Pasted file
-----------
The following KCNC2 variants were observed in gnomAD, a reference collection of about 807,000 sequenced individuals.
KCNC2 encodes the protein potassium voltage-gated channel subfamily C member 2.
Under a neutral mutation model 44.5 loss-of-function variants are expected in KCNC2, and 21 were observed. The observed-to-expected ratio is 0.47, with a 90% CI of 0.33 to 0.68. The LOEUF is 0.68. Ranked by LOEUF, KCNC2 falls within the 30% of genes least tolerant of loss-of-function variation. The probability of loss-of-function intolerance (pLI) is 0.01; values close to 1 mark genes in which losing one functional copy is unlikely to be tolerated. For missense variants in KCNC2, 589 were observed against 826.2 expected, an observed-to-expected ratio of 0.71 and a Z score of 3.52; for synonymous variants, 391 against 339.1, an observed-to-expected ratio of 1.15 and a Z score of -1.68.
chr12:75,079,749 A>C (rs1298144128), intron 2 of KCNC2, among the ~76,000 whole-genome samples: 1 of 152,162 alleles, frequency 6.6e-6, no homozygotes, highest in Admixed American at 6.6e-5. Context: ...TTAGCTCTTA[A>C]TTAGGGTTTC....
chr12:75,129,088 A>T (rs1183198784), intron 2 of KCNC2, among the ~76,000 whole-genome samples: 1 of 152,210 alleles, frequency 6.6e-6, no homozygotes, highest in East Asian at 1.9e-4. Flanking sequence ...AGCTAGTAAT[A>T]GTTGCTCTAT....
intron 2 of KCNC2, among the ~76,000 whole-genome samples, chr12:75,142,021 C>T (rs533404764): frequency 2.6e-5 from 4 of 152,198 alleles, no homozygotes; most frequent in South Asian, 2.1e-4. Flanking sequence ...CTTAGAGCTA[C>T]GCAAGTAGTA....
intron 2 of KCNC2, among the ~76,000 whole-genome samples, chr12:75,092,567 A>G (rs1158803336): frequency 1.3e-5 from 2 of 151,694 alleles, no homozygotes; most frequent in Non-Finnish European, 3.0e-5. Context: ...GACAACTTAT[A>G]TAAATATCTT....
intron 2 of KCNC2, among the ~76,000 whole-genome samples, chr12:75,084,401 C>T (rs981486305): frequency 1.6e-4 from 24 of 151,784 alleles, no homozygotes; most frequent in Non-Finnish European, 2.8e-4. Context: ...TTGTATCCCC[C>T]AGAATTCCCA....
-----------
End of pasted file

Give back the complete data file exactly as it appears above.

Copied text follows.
The following KCNC2 variants were observed in gnomAD, a reference collection of about 807,000 sequenced individuals.
KCNC2 encodes the protein potassium voltage-gated channel subfamily C member 2.
Under a neutral mutation model 44.5 loss-of-function variants are expected in KCNC2, and 21 were observed. The observed-to-expected ratio is 0.47, with a 90% CI of 0.33 to 0.68. The LOEUF is 0.68. Ranked by LOEUF, KCNC2 falls within the 30% of genes least tolerant of loss-of-function variation. The probability of loss-of-function intolerance (pLI) is 0.01; values close to 1 mark genes in which losing one functional copy is unlikely to be tolerated. For missense variants in KCNC2, 589 were observed against 826.2 expected, an observed-to-expected ratio of 0.71 and a Z score of 3.52; for synonymous variants, 391 against 339.1, an observed-to-expected ratio of 1.15 and a Z score of -1.68.
chr12:75,079,749 A>C (rs1298144128), intron 2 of KCNC2, among the ~76,000 whole-genome samples: 1 of 152,162 alleles, frequency 6.6e-6, no homozygotes, highest in Admixed American at 6.6e-5. Context: ...TTAGCTCTTA[A>C]TTAGGGTTTC....
chr12:75,129,088 A>T (rs1183198784), intron 2 of KCNC2, among the ~76,000 whole-genome samples: 1 of 152,210 alleles, frequency 6.6e-6, no homozygotes, highest in East Asian at 1.9e-4. Flanking sequence ...AGCTAGTAAT[A>T]GTTGCTCTAT....
intron 2 of KCNC2, among the ~76,000 whole-genome samples, chr12:75,142,021 C>T (rs533404764): frequency 2.6e-5 from 4 of 152,198 alleles, no homozygotes; most frequent in South Asian, 2.1e-4. Flanking sequence ...CTTAGAGCTA[C>T]GCAAGTAGTA....
intron 2 of KCNC2, among the ~76,000 whole-genome samples, chr12:75,092,567 A>G (rs1158803336): frequency 1.3e-5 from 2 of 151,694 alleles, no homozygotes; most frequent in Non-Finnish European, 3.0e-5. Context: ...GACAACTTAT[A>G]TAAATATCTT....
intron 2 of KCNC2, among the ~76,000 whole-genome samples, chr12:75,084,401 C>T (rs981486305): frequency 1.6e-4 from 24 of 151,784 alleles, no homozygotes; most frequent in Non-Finnish European, 2.8e-4. Context: ...TTGTATCCCC[C>T]AGAATTCCCA....